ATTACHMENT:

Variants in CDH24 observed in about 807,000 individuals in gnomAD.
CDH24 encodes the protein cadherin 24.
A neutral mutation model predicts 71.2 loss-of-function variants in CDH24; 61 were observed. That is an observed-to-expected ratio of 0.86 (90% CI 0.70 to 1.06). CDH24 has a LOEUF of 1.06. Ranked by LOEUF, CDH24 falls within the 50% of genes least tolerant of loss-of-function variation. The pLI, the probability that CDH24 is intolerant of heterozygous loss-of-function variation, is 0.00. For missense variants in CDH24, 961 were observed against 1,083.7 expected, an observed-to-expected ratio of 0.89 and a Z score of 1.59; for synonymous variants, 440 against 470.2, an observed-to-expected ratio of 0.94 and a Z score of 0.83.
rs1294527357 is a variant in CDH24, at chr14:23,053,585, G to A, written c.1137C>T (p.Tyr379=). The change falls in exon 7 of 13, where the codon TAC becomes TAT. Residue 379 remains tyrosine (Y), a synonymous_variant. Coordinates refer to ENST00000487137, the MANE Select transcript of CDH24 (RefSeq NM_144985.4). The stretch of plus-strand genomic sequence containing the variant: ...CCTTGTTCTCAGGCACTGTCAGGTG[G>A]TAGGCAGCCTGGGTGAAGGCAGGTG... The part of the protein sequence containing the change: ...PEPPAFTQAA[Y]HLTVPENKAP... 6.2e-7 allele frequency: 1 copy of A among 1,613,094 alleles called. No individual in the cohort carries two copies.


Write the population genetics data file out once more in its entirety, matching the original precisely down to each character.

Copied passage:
Variants in CDH24 observed in about 807,000 individuals in gnomAD.
CDH24 encodes the protein cadherin 24.
A neutral mutation model predicts 71.2 loss-of-function variants in CDH24; 61 were observed. That is an observed-to-expected ratio of 0.86 (90% CI 0.70 to 1.06). CDH24 has a LOEUF of 1.06. Ranked by LOEUF, CDH24 falls within the 50% of genes least tolerant of loss-of-function variation. The pLI, the probability that CDH24 is intolerant of heterozygous loss-of-function variation, is 0.00. For missense variants in CDH24, 961 were observed against 1,083.7 expected, an observed-to-expected ratio of 0.89 and a Z score of 1.59; for synonymous variants, 440 against 470.2, an observed-to-expected ratio of 0.94 and a Z score of 0.83.
rs1294527357 is a variant in CDH24, at chr14:23,053,585, G to A, written c.1137C>T (p.Tyr379=). The change falls in exon 7 of 13, where the codon TAC becomes TAT. Residue 379 remains tyrosine (Y), a synonymous_variant. Coordinates refer to ENST00000487137, the MANE Select transcript of CDH24 (RefSeq NM_144985.4). The stretch of plus-strand genomic sequence containing the variant: ...CCTTGTTCTCAGGCACTGTCAGGTG[G>A]TAGGCAGCCTGGGTGAAGGCAGGTG... The part of the protein sequence containing the change: ...PEPPAFTQAA[Y]HLTVPENKAP... 6.2e-7 allele frequency: 1 copy of A among 1,613,094 alleles called. No individual in the cohort carries two copies.